A viral video showing the impact of bullying has led to an outpouring of support for a young boy in Australia.
"It breaks my heart," said Allie Sealy, an anti-bullying advocate in Palm Beach County.
On Friday, the 19-year-old reacted to a video that's been shared around the globe. It shows what appears to be an Australian boy who has dwarfism talking to his mother about being severely bullied at his school.
"I’ve seen stuff like that in school. I’ve seen kids feel the way he’s felt," said Sealy.
It’s one of the reasons Sealy launched "We Dine Together," a program that allows students to connect with one another in hopes of keeping them from eating alone.
"I wanted to create a safe space with a couple of my other classmates to feel connected with one another and build relationships over the table," said Sealy.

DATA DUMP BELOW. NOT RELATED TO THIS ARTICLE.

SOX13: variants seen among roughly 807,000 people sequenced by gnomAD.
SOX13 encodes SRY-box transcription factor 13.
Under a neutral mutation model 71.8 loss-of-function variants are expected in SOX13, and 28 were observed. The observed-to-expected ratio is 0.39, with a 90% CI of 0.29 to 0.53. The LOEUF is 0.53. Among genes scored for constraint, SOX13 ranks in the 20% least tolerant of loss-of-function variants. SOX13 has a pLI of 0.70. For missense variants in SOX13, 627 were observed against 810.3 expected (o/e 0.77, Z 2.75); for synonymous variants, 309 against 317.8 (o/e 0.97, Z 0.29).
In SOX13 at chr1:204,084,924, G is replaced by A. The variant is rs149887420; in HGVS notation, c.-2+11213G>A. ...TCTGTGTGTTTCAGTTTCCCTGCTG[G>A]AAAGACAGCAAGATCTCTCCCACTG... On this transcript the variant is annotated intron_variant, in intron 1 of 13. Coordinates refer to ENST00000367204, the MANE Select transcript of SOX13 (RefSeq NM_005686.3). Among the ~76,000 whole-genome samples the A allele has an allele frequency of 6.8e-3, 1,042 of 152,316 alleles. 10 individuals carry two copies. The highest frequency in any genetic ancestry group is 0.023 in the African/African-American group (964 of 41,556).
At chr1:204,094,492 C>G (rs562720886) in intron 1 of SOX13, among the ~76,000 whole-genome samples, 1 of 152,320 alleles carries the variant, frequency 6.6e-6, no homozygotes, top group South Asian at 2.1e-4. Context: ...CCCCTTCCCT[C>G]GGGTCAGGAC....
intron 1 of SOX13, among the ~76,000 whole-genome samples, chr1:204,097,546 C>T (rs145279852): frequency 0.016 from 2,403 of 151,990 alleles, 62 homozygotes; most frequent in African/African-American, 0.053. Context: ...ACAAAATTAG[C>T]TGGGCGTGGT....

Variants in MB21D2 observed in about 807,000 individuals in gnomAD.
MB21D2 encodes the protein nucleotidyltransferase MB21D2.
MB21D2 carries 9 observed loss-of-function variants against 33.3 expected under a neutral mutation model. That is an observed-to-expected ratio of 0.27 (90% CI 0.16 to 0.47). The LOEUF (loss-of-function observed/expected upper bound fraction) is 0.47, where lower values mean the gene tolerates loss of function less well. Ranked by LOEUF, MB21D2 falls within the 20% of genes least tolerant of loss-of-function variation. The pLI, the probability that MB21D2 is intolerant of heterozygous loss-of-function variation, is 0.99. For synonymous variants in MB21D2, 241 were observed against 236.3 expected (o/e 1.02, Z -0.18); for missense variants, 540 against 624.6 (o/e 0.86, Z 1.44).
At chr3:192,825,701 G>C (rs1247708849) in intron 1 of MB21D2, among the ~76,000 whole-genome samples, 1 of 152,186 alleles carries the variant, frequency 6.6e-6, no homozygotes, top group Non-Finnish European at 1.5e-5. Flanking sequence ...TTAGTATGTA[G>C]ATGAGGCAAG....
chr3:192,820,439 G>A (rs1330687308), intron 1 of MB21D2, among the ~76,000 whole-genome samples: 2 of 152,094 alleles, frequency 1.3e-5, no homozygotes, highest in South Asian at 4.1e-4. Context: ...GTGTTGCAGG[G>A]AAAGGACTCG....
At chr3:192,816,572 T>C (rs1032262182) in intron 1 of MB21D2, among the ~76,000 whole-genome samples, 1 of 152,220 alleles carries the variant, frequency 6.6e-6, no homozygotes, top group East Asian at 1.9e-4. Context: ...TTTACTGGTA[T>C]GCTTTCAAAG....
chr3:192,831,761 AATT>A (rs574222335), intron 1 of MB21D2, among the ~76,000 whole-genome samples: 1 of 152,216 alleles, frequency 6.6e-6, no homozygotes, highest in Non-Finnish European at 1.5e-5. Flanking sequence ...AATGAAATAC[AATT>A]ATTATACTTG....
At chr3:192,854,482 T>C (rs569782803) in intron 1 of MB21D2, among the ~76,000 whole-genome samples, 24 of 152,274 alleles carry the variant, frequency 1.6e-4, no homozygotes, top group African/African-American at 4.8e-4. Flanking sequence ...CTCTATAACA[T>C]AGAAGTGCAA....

The program is just one of the resources promoted on the Be Strong anti-bullying app.
Ashleigh Cromer is the Executive Director of Be Strong and said viral videos can create a positive conversation to address bullying, but warns it can also have lasting impact.
"It’s very difficult to allow people to have a glimpse into how this truly affects our children, that it’s life or death," said Cromer. "Now the challenge side of that is it can be exploitative to these young people and what it does it also then brings alongside a lot of rage for parents and guardians for young people and how they’re experiencing it."
"The biggest takeaway should be to be kind to others, and also understand that fact kindness has to be developed and students, people, humans need the right tools to know how to love and be kind to one another," said Sealy.
To learn more about Be Strong, click here.